Science. 2013 Jan 24. [Epub ahead of print]
Genomic Analysis of Non-NF2 Meningiomas Reveals Mutations in TRAF7, KLF4, AKT1, and SMO.
Clark VE, Erson-Omay EZ, Serin A, Yin J, Cotney J, Ozduman K, Avsar T, Li J, Murray PB, Henegariu O, Yilmaz S, Günel JM, Carrión-Grant G, Yilmaz B, Grady C, Tanrikulu B, Bakircioglu M, Kaymakçalan H, Caglayan AO, Sencar L, Ceyhun E, Atik AF, Bayri Y, Bai H, Kolb LE, Hebert R, Omay SB, Mishra-Gorur K, Choi M, Overton JD, Holland EC, Mane S, State MW, Bilgüvar K, Baehring JM, Gutin PH, Piepmeier JM, Vortmeyer A, Brennan CW, Pamir MN, Kiliç T, Lifton RP, Noonan JP, Yasuno K, Günel M.
SourceDepartments of Neurosurgery and Genetics, Yale Program in Brain Tumor Research, Yale School of Medicine, New Haven, CT 06510, USA.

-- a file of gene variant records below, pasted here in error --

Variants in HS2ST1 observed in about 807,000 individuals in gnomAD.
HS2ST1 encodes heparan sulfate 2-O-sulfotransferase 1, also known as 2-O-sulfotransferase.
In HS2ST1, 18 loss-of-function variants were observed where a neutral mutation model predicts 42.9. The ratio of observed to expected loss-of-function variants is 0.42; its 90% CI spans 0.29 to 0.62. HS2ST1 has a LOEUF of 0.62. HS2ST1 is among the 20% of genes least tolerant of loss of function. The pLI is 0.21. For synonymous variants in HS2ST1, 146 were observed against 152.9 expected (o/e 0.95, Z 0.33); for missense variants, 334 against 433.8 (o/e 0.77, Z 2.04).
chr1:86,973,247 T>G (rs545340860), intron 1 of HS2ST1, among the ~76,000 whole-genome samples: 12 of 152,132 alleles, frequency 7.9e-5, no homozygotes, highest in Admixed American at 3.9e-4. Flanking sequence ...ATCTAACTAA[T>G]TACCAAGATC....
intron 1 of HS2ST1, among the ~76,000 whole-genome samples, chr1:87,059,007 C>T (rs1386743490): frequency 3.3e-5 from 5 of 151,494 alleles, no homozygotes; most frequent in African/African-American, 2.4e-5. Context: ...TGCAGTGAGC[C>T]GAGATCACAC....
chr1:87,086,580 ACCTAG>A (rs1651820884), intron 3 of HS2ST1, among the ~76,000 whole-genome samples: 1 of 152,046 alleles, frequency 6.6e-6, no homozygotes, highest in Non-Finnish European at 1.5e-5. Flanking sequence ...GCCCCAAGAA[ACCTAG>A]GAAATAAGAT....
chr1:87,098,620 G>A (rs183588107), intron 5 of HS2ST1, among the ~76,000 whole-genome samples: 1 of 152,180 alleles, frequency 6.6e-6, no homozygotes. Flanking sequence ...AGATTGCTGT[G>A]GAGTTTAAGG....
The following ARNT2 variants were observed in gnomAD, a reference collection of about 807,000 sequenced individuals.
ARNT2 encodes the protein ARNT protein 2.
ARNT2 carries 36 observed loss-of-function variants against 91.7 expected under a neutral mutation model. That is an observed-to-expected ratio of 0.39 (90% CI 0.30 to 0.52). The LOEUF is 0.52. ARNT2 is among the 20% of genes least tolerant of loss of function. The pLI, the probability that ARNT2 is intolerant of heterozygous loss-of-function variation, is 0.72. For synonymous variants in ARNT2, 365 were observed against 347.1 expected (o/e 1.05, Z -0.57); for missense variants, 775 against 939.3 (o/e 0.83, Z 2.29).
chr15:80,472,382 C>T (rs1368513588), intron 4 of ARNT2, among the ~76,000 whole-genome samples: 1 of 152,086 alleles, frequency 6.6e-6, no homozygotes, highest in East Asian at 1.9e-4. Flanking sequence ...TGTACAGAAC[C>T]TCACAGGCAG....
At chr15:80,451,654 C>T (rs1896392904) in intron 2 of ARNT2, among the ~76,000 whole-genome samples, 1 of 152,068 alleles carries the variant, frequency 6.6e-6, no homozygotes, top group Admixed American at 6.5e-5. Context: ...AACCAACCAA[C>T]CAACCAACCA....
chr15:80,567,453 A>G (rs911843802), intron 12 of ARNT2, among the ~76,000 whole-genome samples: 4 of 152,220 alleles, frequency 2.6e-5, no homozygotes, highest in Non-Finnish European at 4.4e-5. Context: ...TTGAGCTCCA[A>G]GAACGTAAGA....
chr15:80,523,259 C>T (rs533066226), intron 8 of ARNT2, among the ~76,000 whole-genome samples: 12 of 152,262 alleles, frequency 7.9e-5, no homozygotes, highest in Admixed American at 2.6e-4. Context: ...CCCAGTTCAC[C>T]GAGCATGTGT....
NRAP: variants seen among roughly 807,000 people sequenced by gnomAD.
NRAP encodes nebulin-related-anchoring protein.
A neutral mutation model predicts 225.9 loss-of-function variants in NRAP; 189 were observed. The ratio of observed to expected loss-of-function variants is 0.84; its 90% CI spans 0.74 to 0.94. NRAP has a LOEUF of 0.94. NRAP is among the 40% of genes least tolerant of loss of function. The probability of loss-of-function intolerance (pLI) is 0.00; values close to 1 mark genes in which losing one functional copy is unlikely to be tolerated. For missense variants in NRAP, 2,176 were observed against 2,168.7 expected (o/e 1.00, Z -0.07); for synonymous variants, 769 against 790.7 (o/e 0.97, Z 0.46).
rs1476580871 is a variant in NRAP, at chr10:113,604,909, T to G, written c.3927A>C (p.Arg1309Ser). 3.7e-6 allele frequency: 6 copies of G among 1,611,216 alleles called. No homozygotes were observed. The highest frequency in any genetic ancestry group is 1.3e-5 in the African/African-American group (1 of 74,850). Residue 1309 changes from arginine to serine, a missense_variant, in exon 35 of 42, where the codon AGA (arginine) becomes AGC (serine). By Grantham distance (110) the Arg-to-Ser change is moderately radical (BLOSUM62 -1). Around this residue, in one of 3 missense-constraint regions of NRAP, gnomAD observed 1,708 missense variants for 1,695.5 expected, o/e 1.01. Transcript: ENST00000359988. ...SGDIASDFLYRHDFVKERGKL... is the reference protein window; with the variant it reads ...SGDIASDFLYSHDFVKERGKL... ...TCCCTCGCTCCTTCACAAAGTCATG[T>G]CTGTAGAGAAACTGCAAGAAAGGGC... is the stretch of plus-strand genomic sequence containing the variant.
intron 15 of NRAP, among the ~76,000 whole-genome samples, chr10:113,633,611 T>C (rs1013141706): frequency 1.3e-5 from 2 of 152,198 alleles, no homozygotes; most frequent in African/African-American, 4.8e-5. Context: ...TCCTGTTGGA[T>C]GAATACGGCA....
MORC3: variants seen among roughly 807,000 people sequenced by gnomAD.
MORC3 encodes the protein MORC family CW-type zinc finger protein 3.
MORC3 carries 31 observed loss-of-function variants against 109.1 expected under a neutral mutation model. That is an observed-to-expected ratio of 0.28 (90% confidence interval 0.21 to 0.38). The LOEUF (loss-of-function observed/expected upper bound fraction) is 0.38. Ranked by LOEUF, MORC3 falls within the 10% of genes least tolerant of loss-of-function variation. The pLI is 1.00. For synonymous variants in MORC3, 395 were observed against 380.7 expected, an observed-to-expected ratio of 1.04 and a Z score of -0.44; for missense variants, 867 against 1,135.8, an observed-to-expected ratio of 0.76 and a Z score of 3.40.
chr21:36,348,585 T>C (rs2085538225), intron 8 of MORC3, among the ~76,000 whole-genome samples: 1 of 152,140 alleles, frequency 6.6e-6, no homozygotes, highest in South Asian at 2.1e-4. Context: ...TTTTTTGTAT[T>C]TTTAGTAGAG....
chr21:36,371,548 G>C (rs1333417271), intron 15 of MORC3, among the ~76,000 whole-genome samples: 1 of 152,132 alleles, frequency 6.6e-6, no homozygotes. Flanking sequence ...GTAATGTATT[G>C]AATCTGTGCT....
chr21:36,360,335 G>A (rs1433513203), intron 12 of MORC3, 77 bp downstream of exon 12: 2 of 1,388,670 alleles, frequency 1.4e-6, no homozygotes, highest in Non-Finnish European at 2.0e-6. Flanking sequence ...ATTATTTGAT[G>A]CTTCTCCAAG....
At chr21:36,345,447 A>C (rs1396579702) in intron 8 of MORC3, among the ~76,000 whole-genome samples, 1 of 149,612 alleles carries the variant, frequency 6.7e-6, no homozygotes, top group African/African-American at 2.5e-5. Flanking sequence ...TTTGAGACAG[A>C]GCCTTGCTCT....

AbstractWe report genomic analysis of 300 meningiomas, the most common primary brain tumors, leading to the discovery of mutations in TRAF7, a proapoptotic E3 ubiquitin ligase in nearly one-fourth of all meningiomas. Mutations in TRAF7 commonly occurred with a recurrent mutation (K409Q) in KLF4, a transcription factor known for its role in inducing pluripotency, or with AKT1(E17K), a mutation known to activate the PI3K pathway. SMO mutations, which activate Hedgehog signaling, were identified in ~5% of non-NF2 mutant meningiomas. These non-NF2 meningiomas were clinically distinctive-nearly always benign, with chromosomal stability, and originating from the skull base. In contrast, the vast majority of atypical meningiomas were NF2-mutant, showing genomic instability and localizing to the cerebral and cerebellar hemispheres. Collectively, these findings identify distinct meningioma subtypes, suggesting novel avenues for targeted therapeutics.
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